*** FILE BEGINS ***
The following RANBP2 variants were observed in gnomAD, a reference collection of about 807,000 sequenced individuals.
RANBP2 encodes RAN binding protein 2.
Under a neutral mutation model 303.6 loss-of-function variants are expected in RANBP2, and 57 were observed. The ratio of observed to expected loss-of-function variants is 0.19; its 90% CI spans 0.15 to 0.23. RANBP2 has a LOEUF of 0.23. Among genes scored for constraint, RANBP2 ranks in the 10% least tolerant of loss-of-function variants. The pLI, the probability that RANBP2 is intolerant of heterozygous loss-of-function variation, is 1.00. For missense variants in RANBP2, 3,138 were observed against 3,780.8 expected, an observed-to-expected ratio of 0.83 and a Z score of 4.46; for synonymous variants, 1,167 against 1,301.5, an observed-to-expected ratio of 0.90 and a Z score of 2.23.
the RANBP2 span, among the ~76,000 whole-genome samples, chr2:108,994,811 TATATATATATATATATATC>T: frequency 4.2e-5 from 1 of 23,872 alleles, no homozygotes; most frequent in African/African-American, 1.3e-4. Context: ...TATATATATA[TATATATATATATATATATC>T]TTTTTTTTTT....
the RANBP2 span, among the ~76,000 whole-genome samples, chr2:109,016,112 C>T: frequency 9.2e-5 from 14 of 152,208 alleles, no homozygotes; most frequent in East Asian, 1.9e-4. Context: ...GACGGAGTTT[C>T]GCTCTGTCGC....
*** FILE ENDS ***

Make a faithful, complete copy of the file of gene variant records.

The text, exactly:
The following RANBP2 variants were observed in gnomAD, a reference collection of about 807,000 sequenced individuals.
RANBP2 encodes RAN binding protein 2.
Under a neutral mutation model 303.6 loss-of-function variants are expected in RANBP2, and 57 were observed. The ratio of observed to expected loss-of-function variants is 0.19; its 90% CI spans 0.15 to 0.23. RANBP2 has a LOEUF of 0.23. Among genes scored for constraint, RANBP2 ranks in the 10% least tolerant of loss-of-function variants. The pLI, the probability that RANBP2 is intolerant of heterozygous loss-of-function variation, is 1.00. For missense variants in RANBP2, 3,138 were observed against 3,780.8 expected, an observed-to-expected ratio of 0.83 and a Z score of 4.46; for synonymous variants, 1,167 against 1,301.5, an observed-to-expected ratio of 0.90 and a Z score of 2.23.
the RANBP2 span, among the ~76,000 whole-genome samples, chr2:108,994,811 TATATATATATATATATATC>T: frequency 4.2e-5 from 1 of 23,872 alleles, no homozygotes; most frequent in African/African-American, 1.3e-4. Context: ...TATATATATA[TATATATATATATATATATC>T]TTTTTTTTTT....
the RANBP2 span, among the ~76,000 whole-genome samples, chr2:109,016,112 C>T: frequency 9.2e-5 from 14 of 152,208 alleles, no homozygotes; most frequent in East Asian, 1.9e-4. Context: ...GACGGAGTTT[C>T]GCTCTGTCGC....